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The Japanese Press in Peru - Part 1

The need to obtain information about what was happening in Japan and, at the same time, the will to share it with the Japanese immigrants, were the motives for the founding of the Japanese press in Peru.

In 1909, ten years after the official start of Japanese immigration to Peru, the Japanese knew very little or nothing about events that had happened in their home country. The few bits of news that arrived in letters always came late; sometimes news arrived via radio when there was short-wave available and no atmospheric interference.

At the time the Japanese settlement in Peru was small when one considers that, in general, its population grew to 6290, the majority of whom worked on sugar plantations. Some finished their four-year contracts, while others had simply run away to Lima, the Peruvian capital. Many opened their own businesses there. By 1909, there were some fifty Japanese hair salons and only thirty-five owned by Peruvian nationals.

Among those who lived in Lima there were those who stood out for their intellectual prowess and assumed positions of leadership within the Japanese community, while others achieved financial success due to their economic activities. It was those folks, in particular, who decided to call upon the print media, albeit modest and very limited, as a way to achieve their ends.

A print medium was a necessary step for the burgeoning Japanese community to take, especially as some Japanese began to open their own businesses and wanted to establish relationships with local authorities. In general, it not only served to keep the community informed of events in Japan but also as a means to keep abreast of local events, publicize municipal ordinances, as well as laws that applied to all of Peru, not to mention the dissemination of information regarding individuals and businesses in the Japanese community. Without doubt, the most important significance was that the print medium served as the primary mechanism to inform the Japanese community of possible attacks due to the general atmosphere of discrimination against them at the time.

Copy of Jiritsu, a handwritten and printed on mimeograph paper, published as a homage to Emperor Meiji who died in July 1912.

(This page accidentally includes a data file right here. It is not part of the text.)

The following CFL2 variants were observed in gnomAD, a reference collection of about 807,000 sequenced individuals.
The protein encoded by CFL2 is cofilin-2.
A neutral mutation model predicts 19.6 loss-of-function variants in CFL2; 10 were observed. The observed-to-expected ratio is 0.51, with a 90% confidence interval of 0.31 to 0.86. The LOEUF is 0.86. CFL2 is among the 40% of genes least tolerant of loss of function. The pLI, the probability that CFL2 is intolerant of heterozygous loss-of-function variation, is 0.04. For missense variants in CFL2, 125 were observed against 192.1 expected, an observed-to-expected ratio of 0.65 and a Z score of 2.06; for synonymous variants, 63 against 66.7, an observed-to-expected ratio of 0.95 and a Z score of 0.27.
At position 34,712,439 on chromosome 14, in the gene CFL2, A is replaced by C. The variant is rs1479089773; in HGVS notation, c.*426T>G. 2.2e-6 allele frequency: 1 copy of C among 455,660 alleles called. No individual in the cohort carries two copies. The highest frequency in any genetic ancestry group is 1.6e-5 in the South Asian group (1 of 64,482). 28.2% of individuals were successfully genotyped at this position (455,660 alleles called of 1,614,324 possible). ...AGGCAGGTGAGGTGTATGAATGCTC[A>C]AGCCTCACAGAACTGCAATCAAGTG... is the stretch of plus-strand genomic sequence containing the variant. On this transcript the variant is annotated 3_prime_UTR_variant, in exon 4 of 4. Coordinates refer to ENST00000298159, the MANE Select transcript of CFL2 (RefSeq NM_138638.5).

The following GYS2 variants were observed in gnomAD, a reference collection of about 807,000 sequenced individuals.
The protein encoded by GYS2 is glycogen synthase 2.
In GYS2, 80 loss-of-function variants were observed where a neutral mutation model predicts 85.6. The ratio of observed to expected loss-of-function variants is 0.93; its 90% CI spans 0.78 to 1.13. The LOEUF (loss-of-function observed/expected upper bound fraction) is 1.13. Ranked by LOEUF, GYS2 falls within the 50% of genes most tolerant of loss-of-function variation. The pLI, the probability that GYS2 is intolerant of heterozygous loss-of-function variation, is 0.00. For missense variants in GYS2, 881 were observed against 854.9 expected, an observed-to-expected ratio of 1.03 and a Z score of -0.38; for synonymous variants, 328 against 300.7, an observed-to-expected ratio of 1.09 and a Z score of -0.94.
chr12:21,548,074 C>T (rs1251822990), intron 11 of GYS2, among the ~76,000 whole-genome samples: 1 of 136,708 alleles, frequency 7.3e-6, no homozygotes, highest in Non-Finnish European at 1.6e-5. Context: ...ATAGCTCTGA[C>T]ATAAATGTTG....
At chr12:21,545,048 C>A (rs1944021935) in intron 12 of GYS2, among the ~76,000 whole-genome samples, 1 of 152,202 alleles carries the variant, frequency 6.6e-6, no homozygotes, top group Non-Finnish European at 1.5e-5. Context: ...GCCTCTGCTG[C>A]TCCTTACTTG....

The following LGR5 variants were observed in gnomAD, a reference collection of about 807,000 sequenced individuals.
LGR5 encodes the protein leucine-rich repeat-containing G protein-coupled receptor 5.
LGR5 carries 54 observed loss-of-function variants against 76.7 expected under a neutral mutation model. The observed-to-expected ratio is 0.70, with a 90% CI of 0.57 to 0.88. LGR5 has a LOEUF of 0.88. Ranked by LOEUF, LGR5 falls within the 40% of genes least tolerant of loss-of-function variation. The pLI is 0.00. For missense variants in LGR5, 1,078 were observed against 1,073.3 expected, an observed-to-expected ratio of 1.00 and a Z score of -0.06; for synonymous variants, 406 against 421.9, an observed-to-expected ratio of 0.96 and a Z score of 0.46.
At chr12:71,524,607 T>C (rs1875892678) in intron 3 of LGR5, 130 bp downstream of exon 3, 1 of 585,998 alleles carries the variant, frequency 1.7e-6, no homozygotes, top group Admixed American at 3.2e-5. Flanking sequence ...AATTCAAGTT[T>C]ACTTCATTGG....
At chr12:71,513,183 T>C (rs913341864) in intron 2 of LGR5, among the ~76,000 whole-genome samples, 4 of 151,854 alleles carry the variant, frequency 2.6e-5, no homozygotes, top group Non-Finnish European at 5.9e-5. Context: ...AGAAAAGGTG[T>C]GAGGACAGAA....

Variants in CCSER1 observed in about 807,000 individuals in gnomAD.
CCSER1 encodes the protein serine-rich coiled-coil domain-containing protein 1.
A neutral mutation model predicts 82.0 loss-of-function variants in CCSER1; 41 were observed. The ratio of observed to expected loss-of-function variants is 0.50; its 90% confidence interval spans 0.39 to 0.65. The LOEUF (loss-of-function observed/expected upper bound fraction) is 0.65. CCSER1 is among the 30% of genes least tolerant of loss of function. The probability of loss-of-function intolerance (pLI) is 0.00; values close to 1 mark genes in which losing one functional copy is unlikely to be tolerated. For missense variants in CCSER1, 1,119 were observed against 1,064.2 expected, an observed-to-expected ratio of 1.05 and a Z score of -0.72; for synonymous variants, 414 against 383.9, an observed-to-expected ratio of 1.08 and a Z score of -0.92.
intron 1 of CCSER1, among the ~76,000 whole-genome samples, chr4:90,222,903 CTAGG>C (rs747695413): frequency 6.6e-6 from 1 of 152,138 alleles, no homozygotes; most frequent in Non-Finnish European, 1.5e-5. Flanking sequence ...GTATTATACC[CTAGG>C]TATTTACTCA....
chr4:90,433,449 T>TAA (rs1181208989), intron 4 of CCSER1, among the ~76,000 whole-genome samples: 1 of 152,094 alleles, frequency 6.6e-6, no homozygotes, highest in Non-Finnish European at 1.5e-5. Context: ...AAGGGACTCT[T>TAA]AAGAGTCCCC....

In 1909, therefore, Nipponjin (The Japanese) was founded, a handwritten newspaper edited by someone with the surname Seki, who was a graduate of the University of Waseda, and who, as a free immigrant, worked at the Cerro de Pasco Corporation in La Oroya. The newspaper appeared about four times. It was written on sulfite paper or “office paper,” which was similar to the wrapping paper used in small businesses. The edition consisted of only one copy of thirty to forty pages that was held together by a string that served as a fastener of sorts. Seki brought his newspaper to the Japanese hair salons and then to several other businesses. As such, passing from hand to hand, the Japanese were informed of the latest news.

Since the publication of that first newspaper until now, the Japanese-Peruvian community has had eleven newspapers, of which two continue to circulate today: Peru Shimpo (Latest News from Peru) and Prensa Nikkei (The Nikkei Press). The community also published numerous magazines, of which only the institutional ones remain. There also were two radio programs for the Japanese community.

Between 1910 and 1913, when 2473 Japanese arrived in Peru, there appeared another handwritten newspaper that was printed and distributed on mimeograph paper: Jiritsu (The Independent), whose format was 18x23 centimeters with each edition averaging some seventy-two pages, which also were fastened together with a string. Its printing on mimeograph made it possible for greater distribution than its predecessor. It ended in 1913, the same year that the emperor Taisho, grandfather of the current Japanese emperor, celebrated one year on the throne.

The newspaper Andes Jiho was published for almost sixteen years.

Nevertheless, some years later, criticisms flared up that accused the newspaper of defending the interests of only those who had attained a good economic position in the community, while marginalizing the majority of immigrants. Therefore, in June 1921, Nippi Shimpo (Japanese-Peruvian News) appeared on the scene and was published by Jutaro Tanaka, Teisuke Okubo, Noboru Kitahara, Kohei Mitsumori and Chijiwa, as the newspaper in opposition to Andes Jiho and defender of those who had yet attained favorable economic conditions.

Part 2 >>

* This article is published under an agreement between the San Marcos Foundation for the Development of Science and Culture at the National University of San Marcos and the Japanese-American National Museum and its Discover Nikkei project.

© 2010 Alejandro Sakuda

Andes Jiho Jiritsu journalism newspaper NikkeiMedia Nippi Shimpo Nipponjin peru shimpo Prensa Nikkei